Maria Sharapova has been a better player this year. Although the season is young, winning Brisbane and making the final in Melbourne speak directly to her improvements. Her footwork is sharper, her serve seems to have calmed down, and her intensity – which no one would ever think could deepen – has lifted. She is on a tear to win her sixth major title, her first Down Under since 2008. However, she will face Serena Williams.
Like a steady diet of humble pie, Sharapova has lost to the top seed in every meeting for 10 years, making for 15 consecutive defeats.
The good news is she has one win at a major, dating back to Wimbledon 2004. The courts in Melbourne Park aren’t grass, but are slick enough to give Sharapova a marginal advantage, especially with her opponent suffering a respiratory illness. Although the records sharply point to a loss for Maria, I believe that she will rise to the occasion this time and stand tall holding the Daphne Akhurst Memorial Trophy on Saturday.
Prediction: Sharapova in three sets
This Australian Open has been a strange one. After a catastrophic first two days for the women’s seeds and surprise packages of varying degrees making deep runs, we’ve ended up with the most predictable final tennis can offer:
No. 1 vs. No. 2.
Oddly enough, this is just the fourth Grand Slam women’s final to feature the top two seeds since the 2004 Australian Open.
As we all know, the head to head between Maria Sharapova and Serena Williams has unfolded in predictable fashion over the past decade. Although there have been instances where the Russian claimed an early lead, or managed to stay level and pose a challenge, she’s been swiftly denied by the American every time. On paper, everything about this final seems predictable.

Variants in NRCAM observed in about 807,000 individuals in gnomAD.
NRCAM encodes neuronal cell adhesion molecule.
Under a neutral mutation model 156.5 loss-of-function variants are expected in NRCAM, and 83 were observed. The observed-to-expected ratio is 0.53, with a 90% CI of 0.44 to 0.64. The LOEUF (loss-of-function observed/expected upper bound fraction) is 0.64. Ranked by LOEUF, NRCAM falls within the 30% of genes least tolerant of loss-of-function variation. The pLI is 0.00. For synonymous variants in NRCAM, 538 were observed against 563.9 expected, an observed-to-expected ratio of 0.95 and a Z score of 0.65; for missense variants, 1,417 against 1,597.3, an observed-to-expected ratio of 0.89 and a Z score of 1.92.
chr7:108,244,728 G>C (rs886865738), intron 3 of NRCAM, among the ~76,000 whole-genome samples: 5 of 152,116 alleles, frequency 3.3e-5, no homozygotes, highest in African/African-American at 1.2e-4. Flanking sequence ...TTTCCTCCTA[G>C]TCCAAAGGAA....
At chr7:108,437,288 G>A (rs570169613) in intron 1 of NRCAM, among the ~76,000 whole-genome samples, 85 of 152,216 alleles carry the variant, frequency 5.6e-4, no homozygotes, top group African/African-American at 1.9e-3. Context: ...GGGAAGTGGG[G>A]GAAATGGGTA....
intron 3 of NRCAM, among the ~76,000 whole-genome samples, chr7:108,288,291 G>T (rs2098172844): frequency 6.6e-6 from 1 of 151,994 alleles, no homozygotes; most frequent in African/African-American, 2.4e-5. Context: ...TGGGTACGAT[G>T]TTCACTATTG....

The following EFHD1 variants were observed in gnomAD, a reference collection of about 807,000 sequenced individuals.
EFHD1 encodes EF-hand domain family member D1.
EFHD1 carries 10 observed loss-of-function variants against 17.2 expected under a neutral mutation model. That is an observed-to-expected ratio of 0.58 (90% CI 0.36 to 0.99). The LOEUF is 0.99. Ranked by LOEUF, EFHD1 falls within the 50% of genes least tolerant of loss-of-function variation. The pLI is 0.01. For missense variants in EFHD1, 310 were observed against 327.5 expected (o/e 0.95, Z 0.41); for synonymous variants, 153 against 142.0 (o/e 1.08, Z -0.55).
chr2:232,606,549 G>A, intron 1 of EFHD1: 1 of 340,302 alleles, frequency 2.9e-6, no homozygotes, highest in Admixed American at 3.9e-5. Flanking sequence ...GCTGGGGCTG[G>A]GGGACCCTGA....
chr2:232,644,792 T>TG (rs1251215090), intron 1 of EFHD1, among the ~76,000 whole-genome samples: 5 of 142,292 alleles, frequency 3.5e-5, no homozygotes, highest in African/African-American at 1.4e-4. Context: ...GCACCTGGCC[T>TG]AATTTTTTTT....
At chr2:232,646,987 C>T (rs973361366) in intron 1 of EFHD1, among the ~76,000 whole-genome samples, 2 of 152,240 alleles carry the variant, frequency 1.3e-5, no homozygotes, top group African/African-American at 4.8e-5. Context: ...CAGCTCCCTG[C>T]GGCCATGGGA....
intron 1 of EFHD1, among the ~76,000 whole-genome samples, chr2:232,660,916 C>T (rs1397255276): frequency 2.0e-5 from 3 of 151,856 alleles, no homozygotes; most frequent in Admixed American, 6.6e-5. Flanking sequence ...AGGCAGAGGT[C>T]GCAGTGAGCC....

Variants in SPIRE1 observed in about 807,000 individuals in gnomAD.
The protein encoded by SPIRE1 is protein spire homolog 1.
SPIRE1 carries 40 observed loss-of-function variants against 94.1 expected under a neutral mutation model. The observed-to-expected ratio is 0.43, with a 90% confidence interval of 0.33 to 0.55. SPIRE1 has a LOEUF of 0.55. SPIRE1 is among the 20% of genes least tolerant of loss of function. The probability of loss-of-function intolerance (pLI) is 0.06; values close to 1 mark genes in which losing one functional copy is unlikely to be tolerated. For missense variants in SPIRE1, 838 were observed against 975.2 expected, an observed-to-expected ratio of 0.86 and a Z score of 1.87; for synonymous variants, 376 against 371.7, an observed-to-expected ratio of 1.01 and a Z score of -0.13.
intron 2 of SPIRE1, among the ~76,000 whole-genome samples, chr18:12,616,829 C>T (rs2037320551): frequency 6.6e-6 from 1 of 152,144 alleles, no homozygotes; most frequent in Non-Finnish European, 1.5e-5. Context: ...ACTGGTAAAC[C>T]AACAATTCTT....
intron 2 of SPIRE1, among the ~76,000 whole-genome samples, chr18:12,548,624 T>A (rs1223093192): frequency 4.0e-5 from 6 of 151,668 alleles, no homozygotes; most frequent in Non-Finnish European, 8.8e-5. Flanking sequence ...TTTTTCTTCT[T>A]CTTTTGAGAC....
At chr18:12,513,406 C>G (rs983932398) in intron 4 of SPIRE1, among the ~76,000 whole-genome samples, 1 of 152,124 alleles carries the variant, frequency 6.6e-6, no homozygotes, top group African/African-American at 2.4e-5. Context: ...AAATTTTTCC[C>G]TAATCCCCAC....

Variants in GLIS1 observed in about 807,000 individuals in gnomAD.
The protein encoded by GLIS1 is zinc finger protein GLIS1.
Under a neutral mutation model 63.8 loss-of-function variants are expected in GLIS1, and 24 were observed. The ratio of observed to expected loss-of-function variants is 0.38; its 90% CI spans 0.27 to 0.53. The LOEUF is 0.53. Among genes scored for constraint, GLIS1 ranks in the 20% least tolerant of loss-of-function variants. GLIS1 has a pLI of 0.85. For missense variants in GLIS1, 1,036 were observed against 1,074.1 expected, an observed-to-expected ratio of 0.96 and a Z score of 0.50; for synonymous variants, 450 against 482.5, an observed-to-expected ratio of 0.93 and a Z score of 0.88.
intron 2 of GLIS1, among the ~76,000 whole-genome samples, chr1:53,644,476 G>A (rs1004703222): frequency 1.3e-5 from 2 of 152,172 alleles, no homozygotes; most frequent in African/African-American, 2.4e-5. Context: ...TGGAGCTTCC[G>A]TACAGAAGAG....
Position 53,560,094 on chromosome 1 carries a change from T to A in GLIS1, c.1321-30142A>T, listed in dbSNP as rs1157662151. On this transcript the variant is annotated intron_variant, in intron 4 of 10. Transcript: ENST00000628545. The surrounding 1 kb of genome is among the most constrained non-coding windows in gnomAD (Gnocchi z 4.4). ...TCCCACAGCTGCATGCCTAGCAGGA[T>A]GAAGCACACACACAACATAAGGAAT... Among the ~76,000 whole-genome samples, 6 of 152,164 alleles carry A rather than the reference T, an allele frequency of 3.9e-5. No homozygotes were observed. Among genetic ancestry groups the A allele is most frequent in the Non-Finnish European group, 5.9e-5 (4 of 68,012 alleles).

But matches aren’t played on paper.
Not all hope is lost for Sharapova, if only because there might be something in the Melbourne water this time around. Tomas Berdych broke almost a decade-long streak of futility against Rafael Nadal in the men’s tournament, as he took advantage of a Nadal who wasn’t firing on all cylinders. Beneath the surface, however, the Czech played the perfect match, suggesting that perhaps – after all this time – an old dog can learn new tricks. The same might hold true for Sharapova. While Williams has won most of the physical – and mental – battles in this matchup to date, a competitor like Sharapova will never admit she’s beaten on a given day until she shakes hands.
Sharapova’s already playing with house money at the tournament following her second round comeback. If Williams is still suffering from the illness that’s plagued her for much of the second week, or if she starts the match slowly, she has no reason to hesitate. After all, she could’ve gone home a long time ago.
Will the #fighter #narrative come full circle on Saturday? It just might.
Prediction: Sharapova in three sets
Okay, here’s how I think it’s going to go down.
The women’s final will likely begin as many think it will; Williams should have no trouble wrapping up the first set. It’s in second set where things will take a turn. With Sharapova down break point in the fifth game, Serena will pummel a backhand down the line to take the ascendency. But just as that backhand kisses the line umpire, Alison Hughes will suddenly be overcome by the American’s respiratory illness, and recuse herself from the match.
In her place, one Eva Asderaki(-Moore). (It’s still weird.)
The be-ponytailed Greek Goddess will take the chair and promptly call a let, causing an indignant Williams to call, not the referee…
…but best friend Caroline Wozniacki, with father Piotr in tow. The two will engage in an intensive interrogation of Mrs. Asderaki’s academic credentials with minor interjections from Williams, who clarifies that though she is No. 1, she is not the one.
Now having taken to her chair – and dreading the invariable resumption of play – Sharapova will decide to take advantage of the protracted respite by indulging in a cup of Pinkberry™ Frozen Yogurt, complete with an extensive assortment of Sugarpova™ toppings.
Sweet, delicious, non-legacy-threatening Pinkberry™.
Oh, and once play resumes, Williams won’t drop another game.
Prediction: Williams in two (chaotic) sets
Who do you think will win tonight’s final? Sound off in the comments!